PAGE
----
Transport Secretary Justine Greening has published a
consultation on proposed reform of the process for stopping up and
diverting local roads. The aim is to speed up and streamline
the decision making process and to reduce delays suffered by new
developments as a result of separate planning and highways
processes. The consultation follows the Penfold Review of
non-planning consents, and the Government's "red tape
The proposals would allow stopping up and diversion orders to be
made in parallel with planning applications. At present,
developers must wait until planning permission has been granted (or
an application has been called-in or an appeal lodged) before
making an application under sections 247, 248 or 253 of
the Highways Act 1980.
The government is also seeking views on whether local planning
or highway authorities should be empowered to determine
applications for stopping up and diversion orders. At
present, outside Greater London, applications are determined by the
Secretary of State. The proposal to devolve powers to local
authorities reflects the localism agenda – giving local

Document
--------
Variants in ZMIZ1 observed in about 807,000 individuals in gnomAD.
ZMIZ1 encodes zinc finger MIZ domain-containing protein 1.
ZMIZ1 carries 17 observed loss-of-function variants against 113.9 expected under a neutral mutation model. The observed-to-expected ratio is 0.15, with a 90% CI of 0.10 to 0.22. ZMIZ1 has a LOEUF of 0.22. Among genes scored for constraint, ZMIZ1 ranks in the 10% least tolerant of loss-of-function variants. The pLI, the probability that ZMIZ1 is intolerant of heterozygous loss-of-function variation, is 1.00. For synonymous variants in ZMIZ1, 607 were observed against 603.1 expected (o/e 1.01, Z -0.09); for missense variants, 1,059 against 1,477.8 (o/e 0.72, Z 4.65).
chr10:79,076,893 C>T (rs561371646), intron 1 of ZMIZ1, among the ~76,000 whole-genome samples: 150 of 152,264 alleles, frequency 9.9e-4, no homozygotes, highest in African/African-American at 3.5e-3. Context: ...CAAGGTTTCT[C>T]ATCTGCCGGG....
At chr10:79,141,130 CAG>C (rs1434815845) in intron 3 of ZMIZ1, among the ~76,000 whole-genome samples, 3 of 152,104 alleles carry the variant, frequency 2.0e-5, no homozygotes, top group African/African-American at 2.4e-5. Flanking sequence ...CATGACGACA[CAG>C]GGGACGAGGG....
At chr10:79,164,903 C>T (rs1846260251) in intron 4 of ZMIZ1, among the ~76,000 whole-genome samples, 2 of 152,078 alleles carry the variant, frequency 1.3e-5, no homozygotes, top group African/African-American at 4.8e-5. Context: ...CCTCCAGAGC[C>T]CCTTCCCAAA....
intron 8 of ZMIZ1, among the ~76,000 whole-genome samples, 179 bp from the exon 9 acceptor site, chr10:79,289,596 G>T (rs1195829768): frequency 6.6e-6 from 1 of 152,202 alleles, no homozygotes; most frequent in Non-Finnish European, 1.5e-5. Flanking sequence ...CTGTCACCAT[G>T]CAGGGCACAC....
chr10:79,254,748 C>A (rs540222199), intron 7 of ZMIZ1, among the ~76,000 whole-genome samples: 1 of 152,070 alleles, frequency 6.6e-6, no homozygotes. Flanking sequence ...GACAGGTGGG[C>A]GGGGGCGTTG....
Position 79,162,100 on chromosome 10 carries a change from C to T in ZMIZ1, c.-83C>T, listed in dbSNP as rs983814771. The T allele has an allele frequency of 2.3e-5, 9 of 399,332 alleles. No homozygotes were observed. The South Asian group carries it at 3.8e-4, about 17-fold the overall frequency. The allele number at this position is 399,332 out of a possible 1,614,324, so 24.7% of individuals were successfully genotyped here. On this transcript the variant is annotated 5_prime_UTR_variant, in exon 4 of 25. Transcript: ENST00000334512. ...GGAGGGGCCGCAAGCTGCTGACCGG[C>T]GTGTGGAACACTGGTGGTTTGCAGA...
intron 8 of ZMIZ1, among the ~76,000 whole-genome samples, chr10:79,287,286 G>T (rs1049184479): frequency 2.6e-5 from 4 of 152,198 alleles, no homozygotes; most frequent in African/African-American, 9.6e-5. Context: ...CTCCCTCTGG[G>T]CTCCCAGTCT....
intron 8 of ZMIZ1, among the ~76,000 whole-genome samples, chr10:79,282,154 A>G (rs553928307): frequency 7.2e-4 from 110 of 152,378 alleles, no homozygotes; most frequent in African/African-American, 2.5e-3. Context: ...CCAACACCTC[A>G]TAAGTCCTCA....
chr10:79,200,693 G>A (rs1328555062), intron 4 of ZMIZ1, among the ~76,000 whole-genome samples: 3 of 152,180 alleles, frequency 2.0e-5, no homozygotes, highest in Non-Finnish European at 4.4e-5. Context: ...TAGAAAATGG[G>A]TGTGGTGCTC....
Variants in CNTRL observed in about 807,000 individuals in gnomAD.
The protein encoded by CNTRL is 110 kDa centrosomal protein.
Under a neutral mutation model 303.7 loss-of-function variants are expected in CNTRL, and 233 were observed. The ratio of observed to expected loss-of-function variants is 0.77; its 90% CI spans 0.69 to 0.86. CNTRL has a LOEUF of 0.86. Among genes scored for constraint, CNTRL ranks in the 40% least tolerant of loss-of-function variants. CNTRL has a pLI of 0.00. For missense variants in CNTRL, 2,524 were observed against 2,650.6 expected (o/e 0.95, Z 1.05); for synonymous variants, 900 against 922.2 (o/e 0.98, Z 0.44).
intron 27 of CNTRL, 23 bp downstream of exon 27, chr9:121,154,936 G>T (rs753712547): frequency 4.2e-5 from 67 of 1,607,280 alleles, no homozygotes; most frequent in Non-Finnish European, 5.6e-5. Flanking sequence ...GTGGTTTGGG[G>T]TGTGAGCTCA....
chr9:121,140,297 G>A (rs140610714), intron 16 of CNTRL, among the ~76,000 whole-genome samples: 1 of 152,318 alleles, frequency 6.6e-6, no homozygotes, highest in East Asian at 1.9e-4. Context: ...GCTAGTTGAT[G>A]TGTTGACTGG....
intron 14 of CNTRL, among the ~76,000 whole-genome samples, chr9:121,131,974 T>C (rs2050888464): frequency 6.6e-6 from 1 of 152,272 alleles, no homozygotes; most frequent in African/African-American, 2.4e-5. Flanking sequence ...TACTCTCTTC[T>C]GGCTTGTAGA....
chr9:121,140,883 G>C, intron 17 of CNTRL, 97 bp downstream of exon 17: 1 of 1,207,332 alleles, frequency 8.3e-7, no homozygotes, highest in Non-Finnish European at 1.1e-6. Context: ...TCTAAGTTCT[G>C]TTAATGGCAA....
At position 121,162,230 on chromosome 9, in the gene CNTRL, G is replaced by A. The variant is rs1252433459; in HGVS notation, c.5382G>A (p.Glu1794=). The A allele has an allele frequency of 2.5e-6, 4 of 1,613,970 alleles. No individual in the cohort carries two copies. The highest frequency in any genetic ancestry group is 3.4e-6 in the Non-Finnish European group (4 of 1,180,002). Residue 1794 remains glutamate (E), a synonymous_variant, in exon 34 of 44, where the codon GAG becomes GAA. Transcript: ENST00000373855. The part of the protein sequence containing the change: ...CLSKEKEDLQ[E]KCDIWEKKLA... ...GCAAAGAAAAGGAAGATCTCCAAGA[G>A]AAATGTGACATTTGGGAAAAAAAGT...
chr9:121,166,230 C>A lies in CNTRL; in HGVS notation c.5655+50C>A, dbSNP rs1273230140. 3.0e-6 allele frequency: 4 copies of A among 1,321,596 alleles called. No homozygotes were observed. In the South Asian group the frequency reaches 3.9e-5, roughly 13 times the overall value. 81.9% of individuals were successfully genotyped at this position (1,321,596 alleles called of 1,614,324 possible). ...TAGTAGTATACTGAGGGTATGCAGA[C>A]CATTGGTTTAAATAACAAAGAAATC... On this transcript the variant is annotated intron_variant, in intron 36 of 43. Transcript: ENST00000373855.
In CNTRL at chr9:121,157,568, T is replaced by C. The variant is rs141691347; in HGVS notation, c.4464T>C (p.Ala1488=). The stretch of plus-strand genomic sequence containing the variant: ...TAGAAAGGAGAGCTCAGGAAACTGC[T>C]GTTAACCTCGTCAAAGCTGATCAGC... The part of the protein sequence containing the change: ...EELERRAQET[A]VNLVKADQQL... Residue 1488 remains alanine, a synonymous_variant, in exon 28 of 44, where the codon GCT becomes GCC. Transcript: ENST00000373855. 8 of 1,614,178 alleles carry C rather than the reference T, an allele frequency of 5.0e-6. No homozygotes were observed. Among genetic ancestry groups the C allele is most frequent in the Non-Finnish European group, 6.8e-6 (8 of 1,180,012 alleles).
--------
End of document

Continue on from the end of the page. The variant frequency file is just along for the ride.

authorities decision making power over issues which affect their
The consultation is open until 24 August 2012, and seeks further
ideas or comments on how the application process for stopping up
and diversion orders can be streamlined and improved. The
consultation document can be found here:
This article was written for Law-Now, CMS Cameron
McKenna's free online information service. To register for
Law-Now, please go to www.law-now.com/law-now/mondaq
Law-Now information is for general purposes and guidance
only. The information and opinions expressed in all Law-Now
articles are not necessarily comprehensive and do not purport to
give professional or legal advice. All Law-Now information relates
to circumstances prevailing at the date of its original publication
and may not have been updated to reflect subsequent
The original publication date for this article was
To print this article, all you need is to be registered on Mondaq.com.
Click to Login as an existing user or Register so you can print this article.
Charterers faced cargo claims arising from the contamination of containerised cargo with fuel oil. Charterers settled these claims and claimed an indemnity from Owners under the time charter between them.
In Dry Bulk Handy Holding Inc v Fayette International Holdings Ltd, the court considered whether a shipowner is entitled to demand payment to himself of freight under his bill of lading when that contract stipulates for payment to another party, provided the shipowner makes his demand before the freight has been paid to that other party.
A discussion on a recent judgment in relation to a case which considered whether a charterers' failure to pay hire is a breach of a condition which entitles owners to cancel the charter, and claim damages for the unperformed part.
Some comments from our readers… “The articles are extremely timely and highly applicable” “I often find critical information not available elsewhere” “As in-house counsel, Mondaq’s service is of great value”